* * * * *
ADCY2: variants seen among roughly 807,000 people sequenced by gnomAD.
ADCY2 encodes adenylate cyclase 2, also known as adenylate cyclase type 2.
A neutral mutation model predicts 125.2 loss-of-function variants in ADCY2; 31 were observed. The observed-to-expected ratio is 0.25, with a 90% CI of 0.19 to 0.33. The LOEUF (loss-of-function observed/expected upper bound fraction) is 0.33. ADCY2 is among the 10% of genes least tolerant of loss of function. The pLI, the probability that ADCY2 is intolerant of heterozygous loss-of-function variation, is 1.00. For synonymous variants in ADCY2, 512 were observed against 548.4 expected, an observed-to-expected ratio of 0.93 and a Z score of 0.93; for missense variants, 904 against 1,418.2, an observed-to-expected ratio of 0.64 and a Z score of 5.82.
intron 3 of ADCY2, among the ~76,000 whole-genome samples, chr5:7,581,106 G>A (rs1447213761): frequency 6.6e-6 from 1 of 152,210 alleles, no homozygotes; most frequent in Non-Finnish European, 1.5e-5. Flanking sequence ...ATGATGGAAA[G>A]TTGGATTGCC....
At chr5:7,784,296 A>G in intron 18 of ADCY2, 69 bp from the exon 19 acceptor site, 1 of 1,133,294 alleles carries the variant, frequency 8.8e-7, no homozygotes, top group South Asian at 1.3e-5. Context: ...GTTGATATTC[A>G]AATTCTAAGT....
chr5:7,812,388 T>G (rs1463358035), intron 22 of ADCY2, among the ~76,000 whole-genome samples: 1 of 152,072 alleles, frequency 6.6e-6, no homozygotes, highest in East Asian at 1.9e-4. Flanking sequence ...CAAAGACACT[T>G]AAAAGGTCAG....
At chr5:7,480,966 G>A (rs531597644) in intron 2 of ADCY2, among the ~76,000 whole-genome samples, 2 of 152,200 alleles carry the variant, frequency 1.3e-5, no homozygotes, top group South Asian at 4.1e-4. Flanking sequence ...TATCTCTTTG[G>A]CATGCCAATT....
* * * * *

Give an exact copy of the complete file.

ADCY2: variants seen among roughly 807,000 people sequenced by gnomAD.
ADCY2 encodes adenylate cyclase 2, also known as adenylate cyclase type 2.
A neutral mutation model predicts 125.2 loss-of-function variants in ADCY2; 31 were observed. The observed-to-expected ratio is 0.25, with a 90% CI of 0.19 to 0.33. The LOEUF (loss-of-function observed/expected upper bound fraction) is 0.33. ADCY2 is among the 10% of genes least tolerant of loss of function. The pLI, the probability that ADCY2 is intolerant of heterozygous loss-of-function variation, is 1.00. For synonymous variants in ADCY2, 512 were observed against 548.4 expected, an observed-to-expected ratio of 0.93 and a Z score of 0.93; for missense variants, 904 against 1,418.2, an observed-to-expected ratio of 0.64 and a Z score of 5.82.
intron 3 of ADCY2, among the ~76,000 whole-genome samples, chr5:7,581,106 G>A (rs1447213761): frequency 6.6e-6 from 1 of 152,210 alleles, no homozygotes; most frequent in Non-Finnish European, 1.5e-5. Flanking sequence ...ATGATGGAAA[G>A]TTGGATTGCC....
At chr5:7,784,296 A>G in intron 18 of ADCY2, 69 bp from the exon 19 acceptor site, 1 of 1,133,294 alleles carries the variant, frequency 8.8e-7, no homozygotes, top group South Asian at 1.3e-5. Context: ...GTTGATATTC[A>G]AATTCTAAGT....
chr5:7,812,388 T>G (rs1463358035), intron 22 of ADCY2, among the ~76,000 whole-genome samples: 1 of 152,072 alleles, frequency 6.6e-6, no homozygotes, highest in East Asian at 1.9e-4. Flanking sequence ...CAAAGACACT[T>G]AAAAGGTCAG....
At chr5:7,480,966 G>A (rs531597644) in intron 2 of ADCY2, among the ~76,000 whole-genome samples, 2 of 152,200 alleles carry the variant, frequency 1.3e-5, no homozygotes, top group South Asian at 4.1e-4. Flanking sequence ...TATCTCTTTG[G>A]CATGCCAATT....